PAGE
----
- The head of the Environmental Protection Agency told House lawmakers today that the Obama EPA "short-shrifted" its work on the 2009 carbon endangerment finding, calling its analysis into question.
- Administrator Scott Pruitt said the Obama EPA committed a "breach of process" by incorporating climate data from the United Nations Intergovernmental Panel on Climate Change (IPCC) "as the core of the [endangerment] finding."
- Pruitt also told lawmakers EPA is planning a "red team-blue team" review of climate science next year, potentially as soon as January. Pruitt will return to the House Energy and Commerce (E&C) Committee for more questioning at 2 p.m. today.
The EPA's 2009 endangerment finding set the legal foundation for the agency to regulate carbon as a pollutant under the Clean Air Act.
The Supreme Court ordered EPA to conduct the analysis in the 2007 case Massachusetts v. EPA, saying it had to ascertain whether greenhouse gas pollution was a threat to public health.
During Pruitt's appearance before the Energy and Commerce Committee today, Rep. Joe Barton (R-TX) said the Obama administration "rushed through" the final document, claiming the finding was completed in about 60 days.
Pruitt noted that the George W. Bush administration had worked on the endangerment finding before Obama took office, but he agreed with Barton that his predecessor's agency had "accelerated" the process.
"In fact there was something done in 2009 that in my estimation has never been done since and was never done before," Pruitt said. "[The EPA] took work from the UN IPCC and transported it to the agency and adopted it as the core of the finding."
That, Pruitt said, amounts to a "breach of process" at the agency that "many believe was not handled the proper way."
"The Mass. v. EPA decision and the processes that followed involved both the Bush and the Obama administrations and that process was again, in 2009, I think, short-shrifted," Pruitt said.
In fact, the EPA's 2009 release shows that the Bush administration had determined itself in 2007 that greenhouse gases pose public health threats. The EPA declined to release that document — only making it available to certain lawmakers under special secrecy provisions — until after Obama took office. Reporting from 2008 shows the Bush White House was dismissive of the endangerment finding, with staffers even refusing to open emails regarding it.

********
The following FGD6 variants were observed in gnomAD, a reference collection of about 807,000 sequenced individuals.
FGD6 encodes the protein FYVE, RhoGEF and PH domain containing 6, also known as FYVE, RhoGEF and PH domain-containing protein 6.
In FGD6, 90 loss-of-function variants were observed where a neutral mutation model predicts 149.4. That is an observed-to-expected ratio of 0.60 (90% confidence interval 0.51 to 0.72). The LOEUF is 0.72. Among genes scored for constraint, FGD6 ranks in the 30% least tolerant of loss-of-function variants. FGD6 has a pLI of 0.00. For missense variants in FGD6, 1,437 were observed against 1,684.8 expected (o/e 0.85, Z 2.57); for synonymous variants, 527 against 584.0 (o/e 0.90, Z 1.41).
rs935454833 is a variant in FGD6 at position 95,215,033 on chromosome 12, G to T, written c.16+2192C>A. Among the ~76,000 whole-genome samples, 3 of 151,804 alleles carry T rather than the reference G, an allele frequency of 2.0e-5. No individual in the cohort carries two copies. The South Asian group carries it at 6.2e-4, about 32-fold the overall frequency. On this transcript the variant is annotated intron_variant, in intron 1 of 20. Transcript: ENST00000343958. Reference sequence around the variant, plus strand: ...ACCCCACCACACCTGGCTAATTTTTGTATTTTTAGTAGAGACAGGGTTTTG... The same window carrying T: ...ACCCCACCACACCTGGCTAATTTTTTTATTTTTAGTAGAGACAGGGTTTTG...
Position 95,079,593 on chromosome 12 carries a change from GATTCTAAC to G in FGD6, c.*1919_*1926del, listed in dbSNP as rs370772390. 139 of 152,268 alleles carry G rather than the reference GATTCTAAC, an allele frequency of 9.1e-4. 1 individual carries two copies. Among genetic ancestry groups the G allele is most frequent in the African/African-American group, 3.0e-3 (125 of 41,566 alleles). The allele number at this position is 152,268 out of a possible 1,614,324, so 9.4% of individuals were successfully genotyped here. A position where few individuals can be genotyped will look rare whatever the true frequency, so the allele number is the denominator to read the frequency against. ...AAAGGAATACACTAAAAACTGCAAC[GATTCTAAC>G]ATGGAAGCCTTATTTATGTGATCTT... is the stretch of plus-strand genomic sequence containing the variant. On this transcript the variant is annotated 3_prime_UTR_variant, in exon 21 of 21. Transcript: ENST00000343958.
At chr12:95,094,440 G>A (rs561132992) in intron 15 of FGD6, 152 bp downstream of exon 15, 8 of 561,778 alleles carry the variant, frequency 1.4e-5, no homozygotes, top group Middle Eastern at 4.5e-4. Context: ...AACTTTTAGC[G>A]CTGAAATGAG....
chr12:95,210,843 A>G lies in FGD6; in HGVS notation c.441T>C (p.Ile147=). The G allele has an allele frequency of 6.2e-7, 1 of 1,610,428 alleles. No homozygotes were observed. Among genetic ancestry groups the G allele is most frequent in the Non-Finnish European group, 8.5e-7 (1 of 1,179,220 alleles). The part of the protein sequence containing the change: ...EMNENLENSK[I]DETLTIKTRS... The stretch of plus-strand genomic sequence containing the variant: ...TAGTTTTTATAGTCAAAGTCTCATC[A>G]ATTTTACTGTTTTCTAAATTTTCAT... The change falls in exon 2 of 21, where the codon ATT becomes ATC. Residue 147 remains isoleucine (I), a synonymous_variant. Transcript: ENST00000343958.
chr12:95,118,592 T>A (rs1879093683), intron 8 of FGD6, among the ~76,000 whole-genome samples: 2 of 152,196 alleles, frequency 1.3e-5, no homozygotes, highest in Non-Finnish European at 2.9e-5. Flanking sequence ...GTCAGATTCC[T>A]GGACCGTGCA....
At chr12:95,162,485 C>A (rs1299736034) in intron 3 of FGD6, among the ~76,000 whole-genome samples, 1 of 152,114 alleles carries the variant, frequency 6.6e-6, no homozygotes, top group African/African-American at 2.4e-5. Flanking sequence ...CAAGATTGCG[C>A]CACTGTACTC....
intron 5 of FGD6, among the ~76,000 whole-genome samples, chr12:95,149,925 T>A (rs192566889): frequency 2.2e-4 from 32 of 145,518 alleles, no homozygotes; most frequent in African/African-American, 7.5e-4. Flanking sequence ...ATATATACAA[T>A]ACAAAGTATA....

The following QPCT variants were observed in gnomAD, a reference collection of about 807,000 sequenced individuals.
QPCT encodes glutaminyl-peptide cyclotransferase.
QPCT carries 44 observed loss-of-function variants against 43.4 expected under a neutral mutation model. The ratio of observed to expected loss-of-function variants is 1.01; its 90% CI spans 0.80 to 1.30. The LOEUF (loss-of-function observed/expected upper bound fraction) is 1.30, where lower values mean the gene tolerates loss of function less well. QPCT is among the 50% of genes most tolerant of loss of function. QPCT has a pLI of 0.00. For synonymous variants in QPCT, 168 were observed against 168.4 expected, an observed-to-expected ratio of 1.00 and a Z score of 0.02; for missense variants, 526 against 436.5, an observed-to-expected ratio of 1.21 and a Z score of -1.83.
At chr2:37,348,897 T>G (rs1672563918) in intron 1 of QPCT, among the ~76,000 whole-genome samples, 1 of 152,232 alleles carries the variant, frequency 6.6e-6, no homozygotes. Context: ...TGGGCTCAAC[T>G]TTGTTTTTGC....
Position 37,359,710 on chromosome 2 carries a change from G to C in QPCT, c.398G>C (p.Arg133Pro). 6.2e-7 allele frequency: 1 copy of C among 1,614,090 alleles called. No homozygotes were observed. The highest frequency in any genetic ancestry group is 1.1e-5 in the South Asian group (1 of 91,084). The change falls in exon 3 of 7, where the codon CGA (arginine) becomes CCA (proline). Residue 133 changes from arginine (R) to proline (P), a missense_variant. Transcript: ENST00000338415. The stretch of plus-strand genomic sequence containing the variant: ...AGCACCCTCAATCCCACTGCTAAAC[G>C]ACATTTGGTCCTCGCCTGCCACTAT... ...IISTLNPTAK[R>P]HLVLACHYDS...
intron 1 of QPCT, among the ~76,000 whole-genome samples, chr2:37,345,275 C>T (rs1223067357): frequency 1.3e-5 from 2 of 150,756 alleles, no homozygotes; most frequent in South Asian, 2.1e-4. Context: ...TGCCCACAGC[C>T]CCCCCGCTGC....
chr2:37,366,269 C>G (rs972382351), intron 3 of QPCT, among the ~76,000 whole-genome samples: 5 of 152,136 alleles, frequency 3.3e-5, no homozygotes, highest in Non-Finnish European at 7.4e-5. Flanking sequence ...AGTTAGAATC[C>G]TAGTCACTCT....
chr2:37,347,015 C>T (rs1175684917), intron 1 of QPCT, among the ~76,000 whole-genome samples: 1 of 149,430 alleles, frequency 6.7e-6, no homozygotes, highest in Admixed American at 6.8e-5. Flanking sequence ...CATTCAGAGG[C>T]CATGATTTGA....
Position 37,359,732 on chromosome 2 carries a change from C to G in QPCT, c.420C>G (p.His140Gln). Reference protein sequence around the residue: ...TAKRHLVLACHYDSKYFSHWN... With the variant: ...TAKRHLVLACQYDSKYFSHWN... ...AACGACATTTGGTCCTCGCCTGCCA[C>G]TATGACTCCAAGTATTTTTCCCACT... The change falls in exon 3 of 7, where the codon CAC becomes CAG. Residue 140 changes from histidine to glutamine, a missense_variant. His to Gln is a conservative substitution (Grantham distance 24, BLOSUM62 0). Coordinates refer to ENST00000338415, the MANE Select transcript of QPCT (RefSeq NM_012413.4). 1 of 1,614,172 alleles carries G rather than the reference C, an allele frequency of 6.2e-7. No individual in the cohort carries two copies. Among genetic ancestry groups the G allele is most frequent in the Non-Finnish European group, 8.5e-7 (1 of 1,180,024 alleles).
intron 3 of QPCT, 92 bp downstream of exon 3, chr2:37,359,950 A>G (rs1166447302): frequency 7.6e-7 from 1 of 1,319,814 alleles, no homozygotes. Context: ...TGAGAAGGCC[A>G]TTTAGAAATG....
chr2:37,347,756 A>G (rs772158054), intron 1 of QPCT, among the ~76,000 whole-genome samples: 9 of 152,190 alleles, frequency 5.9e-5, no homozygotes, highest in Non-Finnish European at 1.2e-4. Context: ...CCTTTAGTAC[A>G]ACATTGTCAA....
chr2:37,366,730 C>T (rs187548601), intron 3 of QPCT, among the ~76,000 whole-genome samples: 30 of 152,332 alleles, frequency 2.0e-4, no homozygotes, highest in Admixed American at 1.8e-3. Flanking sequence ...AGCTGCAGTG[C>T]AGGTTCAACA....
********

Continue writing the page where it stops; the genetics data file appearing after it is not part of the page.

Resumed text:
Barton, set to resign over a nude photo and texting scandal, then asked Pruitt about the status of his "red team-blue team" review of climate science. Revealed by E&E News in June, the internal review is seen by many as an attempt to discredit established science on global warming.
Pruitt said EPA has been conducting an internal review of climate science for months, which he hopes to announce "as soon as January of next year." In justifying the review, he referenced his qualms with the use of IPCC data, saying Americans deserve an "objective, transparent, real-time review" of climate science.
"I think one of the most important things we can do for the American people is provide that discussion, and it hasn’t happened," Pruitt said. "As I indicated, the agency borrowed the work product of a third party. We have to ensure that discussion occurs."
Pruitt has so far resisted calls from conservative activists to challenge the 2009 endangerment finding, but his testimony to E&C could provide a blueprint to do just that. If Pruitt considers the timing and use of IPCC data in the endangerment finding to be inappropriate, he could push to alter it with climate science he views more favorably.
Any move to unravel the endangerment finding would be met with lawsuits from liberal states and environmental groups, likely forcing the EPA to prove in a court of law that greenhouse gases are not a public health threat. That would be a heavy lift, but Pruitt's team could ostensibly use the findings of his hand-picked internal climate panel.
Pruitt's appearance before E&C Thursday morning was only part of his testimony. Called out for a White House meeting on the renewable fuel standard, Pruitt is expected to return for more questioning at 2 p.m. today.